Posted by : Varun Doshi
On : 09 June 2014
Comments : 0
Views : 1685
A virus is a germ that is smaller than a bacteria. Viruses are encapsulated by a protective coating so they are more difficult to kill than bacteria. They are harder to treat because they are not susceptible to antibiotics like bacteria are because of their protective coating. However, viruses cannot grow or exist without host cells - they must be in a living organism (such as the human body) to survive.
I) What is viral syndrome?
Viral syndrome is a term caregivers' use for general symptoms of a viral infection that has no clear cause. Viruses are spread easily from person to person through the air and on shared items.
II) What are the signs and symptoms of viral syndrome?
Signs and symptoms may start slowly or suddenly and last hours to days. They can be mild to severe and can change over days or hours.
III) How is viral syndrome treated?
An illness caused by a virus usually goes away in 10 to 14 days without treatment. The following medicines may be given to help manage your signs and symptoms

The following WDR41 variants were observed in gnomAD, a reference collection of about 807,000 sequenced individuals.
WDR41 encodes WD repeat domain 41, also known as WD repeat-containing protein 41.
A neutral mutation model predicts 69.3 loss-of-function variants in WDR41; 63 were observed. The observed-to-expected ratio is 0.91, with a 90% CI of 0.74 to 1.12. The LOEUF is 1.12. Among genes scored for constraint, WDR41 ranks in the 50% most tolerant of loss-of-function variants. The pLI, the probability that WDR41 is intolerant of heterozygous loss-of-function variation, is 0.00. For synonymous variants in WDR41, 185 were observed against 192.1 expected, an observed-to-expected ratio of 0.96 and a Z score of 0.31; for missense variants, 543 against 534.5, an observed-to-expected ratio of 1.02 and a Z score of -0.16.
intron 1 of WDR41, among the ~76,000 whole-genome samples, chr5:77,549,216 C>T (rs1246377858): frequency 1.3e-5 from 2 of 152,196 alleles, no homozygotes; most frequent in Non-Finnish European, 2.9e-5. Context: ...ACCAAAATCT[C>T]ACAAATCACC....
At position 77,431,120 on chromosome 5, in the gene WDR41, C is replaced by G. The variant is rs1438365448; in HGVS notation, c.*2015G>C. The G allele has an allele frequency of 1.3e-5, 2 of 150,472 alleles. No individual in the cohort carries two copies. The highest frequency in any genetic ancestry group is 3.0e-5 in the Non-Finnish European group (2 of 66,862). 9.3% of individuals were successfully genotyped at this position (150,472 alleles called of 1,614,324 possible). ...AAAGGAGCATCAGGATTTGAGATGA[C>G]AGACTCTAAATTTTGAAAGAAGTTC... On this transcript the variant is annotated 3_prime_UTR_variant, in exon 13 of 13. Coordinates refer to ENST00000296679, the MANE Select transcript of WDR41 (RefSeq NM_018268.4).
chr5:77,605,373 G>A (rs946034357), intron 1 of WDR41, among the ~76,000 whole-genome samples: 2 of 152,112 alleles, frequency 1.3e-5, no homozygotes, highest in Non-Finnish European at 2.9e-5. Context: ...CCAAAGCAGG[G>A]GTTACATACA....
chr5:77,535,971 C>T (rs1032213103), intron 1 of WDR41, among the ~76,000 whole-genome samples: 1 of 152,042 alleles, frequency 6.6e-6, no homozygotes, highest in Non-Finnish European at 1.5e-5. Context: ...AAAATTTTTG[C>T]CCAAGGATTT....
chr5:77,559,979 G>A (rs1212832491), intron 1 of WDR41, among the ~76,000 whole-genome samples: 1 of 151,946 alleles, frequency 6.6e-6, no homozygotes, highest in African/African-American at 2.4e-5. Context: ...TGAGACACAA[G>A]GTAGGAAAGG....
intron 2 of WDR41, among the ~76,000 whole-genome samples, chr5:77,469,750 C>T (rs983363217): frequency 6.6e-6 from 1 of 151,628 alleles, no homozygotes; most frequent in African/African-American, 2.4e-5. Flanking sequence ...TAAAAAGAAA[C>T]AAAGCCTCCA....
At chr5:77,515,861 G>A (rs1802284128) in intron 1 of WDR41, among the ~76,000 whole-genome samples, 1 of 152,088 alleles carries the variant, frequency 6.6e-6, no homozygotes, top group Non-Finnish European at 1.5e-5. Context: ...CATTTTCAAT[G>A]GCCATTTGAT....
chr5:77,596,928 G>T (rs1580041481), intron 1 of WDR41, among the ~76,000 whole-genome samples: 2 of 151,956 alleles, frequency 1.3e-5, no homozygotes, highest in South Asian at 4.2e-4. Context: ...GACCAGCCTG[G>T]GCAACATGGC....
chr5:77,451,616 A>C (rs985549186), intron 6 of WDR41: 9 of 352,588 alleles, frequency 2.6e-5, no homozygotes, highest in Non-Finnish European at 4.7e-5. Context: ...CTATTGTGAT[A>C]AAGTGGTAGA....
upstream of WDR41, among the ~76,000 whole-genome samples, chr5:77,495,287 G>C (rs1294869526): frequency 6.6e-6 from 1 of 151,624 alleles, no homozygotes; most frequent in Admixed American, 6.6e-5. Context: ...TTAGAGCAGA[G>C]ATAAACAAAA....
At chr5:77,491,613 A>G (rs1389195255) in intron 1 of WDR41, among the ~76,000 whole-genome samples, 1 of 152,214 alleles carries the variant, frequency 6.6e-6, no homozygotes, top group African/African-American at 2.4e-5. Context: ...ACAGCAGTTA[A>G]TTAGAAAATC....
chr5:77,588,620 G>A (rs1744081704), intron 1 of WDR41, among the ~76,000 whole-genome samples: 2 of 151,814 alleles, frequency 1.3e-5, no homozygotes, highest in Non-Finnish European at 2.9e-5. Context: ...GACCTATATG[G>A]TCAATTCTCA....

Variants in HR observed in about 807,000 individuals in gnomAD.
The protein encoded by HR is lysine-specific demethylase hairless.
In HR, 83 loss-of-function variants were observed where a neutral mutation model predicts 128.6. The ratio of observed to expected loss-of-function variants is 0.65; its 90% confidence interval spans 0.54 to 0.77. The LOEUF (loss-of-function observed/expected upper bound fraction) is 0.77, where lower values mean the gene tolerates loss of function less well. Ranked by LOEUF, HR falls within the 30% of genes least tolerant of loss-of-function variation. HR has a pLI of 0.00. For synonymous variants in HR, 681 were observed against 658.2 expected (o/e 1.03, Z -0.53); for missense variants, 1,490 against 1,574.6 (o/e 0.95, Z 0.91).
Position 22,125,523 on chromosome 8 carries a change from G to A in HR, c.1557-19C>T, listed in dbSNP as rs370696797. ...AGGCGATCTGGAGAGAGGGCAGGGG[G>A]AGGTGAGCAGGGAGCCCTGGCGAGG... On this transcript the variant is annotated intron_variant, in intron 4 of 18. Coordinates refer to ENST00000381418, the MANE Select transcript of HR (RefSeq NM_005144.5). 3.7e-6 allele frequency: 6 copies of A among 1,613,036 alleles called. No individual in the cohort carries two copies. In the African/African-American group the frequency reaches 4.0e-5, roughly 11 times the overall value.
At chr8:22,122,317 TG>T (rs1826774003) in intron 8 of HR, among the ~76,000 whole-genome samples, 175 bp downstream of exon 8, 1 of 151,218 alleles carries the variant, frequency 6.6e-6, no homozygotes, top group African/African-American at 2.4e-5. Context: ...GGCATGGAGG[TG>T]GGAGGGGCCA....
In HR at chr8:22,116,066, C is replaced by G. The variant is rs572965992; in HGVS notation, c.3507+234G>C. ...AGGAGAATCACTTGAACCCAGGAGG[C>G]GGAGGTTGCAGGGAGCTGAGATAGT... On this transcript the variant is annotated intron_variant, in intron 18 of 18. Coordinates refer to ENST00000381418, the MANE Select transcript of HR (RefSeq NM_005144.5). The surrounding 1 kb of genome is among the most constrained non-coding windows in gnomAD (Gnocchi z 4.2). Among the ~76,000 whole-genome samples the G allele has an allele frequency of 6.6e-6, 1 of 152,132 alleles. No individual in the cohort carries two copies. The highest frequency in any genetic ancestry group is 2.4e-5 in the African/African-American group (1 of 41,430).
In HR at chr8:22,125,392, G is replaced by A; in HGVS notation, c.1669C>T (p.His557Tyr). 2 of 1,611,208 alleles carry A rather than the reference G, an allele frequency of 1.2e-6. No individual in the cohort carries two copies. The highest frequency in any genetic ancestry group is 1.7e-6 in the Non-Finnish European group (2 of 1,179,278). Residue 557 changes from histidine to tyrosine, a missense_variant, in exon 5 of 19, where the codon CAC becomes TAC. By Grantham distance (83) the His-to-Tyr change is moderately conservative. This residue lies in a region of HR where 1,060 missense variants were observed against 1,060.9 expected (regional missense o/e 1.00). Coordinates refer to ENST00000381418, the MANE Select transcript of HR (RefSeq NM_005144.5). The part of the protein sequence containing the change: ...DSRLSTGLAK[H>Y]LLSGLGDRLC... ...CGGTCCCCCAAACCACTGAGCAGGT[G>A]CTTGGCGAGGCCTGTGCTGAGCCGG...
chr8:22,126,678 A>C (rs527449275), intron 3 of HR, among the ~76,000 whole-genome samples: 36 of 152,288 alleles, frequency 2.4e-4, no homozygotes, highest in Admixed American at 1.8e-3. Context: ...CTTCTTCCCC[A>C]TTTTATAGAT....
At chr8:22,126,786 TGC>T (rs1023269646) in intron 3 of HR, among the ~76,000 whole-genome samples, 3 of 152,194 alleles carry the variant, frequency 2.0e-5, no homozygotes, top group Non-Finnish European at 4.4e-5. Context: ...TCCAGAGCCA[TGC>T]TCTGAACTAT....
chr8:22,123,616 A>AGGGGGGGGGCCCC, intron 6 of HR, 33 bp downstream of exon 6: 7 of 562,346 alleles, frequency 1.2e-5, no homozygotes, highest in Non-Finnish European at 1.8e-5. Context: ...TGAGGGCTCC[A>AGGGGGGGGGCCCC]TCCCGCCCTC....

IV) What increases my risk for viral syndrome?
V) What can I do to help prevent the spread of viral syndrome?
Viruses are spread easily from person to person through the air and on shared items. You can spread a virus to other people for weeks after your symptoms go away. The following are ways to prevent the spread of a virus
VI) What vaccinations should I get to help prevent viral illness?
Ask your caregiver if you should have any of the following vaccines
VII) What are the risks of viral syndrome?
Caregivers may not know that you have a serious disease. Signs and symptoms of very serious diseases may look like viral syndrome. A sinus infection can turn into a bacterial infection. A viral infection can lead to a serious, life-threatening infection anywhere in your body. Viral syndrome may make your chronic bronchitis, asthma, or COPD worse. You can get a viral illness more than once, even with treatment.
VIII) When should I contact my caregiver?
Contact your caregiver if
IX) When should I seek immediate care?
Seek care immediately if